Jeff believes that the impediment to growth and success is people. “It’s just that simple. If you walk into a pizza place and you see a piece of paper on the floor and two guys just standing there, looking at it – that’s all you need to know about the company. Right there on the spot I can tell you that they don’t care about the food safety or the quality of the product,” he declares.

According to him, it’s not just pizza; you’re making somebody’s dinner for themselves, their spouse and kids. That’s a serious relationship. It had better be good.

He believes that a company is a living organism and if you, for a second, not treat it like a dynamic being, it’s going to atrophy, and it’s going to cost you a lot of money and time to win it back.

It’s just good business sense, according to him. If you treat your employees well, you not only get their loyalty and best output, but also find more people who want to work for you. So you get to pick the best and it’s a domino effect. “But business owners are often very short sighted,” Jeff laments. It’s a tremendous amount of investment – including in terms of energy, he admits – but at the end of the day it pays dividends.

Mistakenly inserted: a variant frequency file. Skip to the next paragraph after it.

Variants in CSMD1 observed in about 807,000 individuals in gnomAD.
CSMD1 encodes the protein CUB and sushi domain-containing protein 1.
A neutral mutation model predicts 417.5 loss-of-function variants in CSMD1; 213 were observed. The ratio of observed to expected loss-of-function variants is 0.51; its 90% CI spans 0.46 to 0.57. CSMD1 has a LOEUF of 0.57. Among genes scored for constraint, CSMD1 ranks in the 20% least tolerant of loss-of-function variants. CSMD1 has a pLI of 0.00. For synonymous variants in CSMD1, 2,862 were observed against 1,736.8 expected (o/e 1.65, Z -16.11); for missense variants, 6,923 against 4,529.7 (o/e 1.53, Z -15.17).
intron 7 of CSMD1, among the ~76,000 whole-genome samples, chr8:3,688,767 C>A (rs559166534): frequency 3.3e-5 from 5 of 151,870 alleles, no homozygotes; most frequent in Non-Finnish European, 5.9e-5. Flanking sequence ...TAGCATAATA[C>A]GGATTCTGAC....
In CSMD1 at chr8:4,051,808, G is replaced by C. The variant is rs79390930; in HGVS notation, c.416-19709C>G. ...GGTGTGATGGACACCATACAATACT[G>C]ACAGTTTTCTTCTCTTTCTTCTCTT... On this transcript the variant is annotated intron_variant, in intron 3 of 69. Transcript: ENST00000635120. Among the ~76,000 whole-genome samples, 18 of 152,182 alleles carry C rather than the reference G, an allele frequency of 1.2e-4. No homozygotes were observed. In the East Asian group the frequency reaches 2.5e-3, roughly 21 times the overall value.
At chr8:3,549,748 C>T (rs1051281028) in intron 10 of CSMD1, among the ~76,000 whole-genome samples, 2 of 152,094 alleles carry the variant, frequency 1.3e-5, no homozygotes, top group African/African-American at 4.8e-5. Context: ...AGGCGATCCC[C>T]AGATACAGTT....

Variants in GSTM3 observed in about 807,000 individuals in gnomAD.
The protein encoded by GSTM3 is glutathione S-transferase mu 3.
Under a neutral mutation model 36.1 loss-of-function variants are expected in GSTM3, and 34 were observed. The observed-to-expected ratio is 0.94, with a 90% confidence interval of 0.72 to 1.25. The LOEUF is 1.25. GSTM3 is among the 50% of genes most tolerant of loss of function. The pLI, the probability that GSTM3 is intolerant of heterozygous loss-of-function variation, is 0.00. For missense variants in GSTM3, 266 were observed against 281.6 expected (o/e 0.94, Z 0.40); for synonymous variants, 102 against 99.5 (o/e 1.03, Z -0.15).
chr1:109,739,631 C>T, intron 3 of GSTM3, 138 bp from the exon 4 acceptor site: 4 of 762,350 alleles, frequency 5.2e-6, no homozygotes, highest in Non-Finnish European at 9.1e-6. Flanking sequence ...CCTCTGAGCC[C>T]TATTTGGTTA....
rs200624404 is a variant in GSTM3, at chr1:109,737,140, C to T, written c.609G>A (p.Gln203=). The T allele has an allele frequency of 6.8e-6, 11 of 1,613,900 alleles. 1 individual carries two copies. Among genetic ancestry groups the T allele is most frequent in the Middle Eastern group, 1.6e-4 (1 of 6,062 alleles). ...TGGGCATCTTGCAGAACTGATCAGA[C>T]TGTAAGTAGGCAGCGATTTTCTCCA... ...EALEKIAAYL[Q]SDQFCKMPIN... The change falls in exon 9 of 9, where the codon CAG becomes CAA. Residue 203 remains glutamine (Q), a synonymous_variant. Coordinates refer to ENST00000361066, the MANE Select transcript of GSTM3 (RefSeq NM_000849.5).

Hope and hard work
As an anthropologist he obviously knows a thing or two about people. “All people want is to be recognised; they want incentive and a way up. Everybody wants a way up,” he declares as he cites his own example. “I dropped out of high school and grew up in a mobile home on a trailer park on the wrong side of town. And now I am working on my PhD, I’ve got beautiful kids, a thriving company – and I can talk to anybody on anything I have some knowledge about and hold my own ground. It doesn’t matter who you are; you can go anywhere.”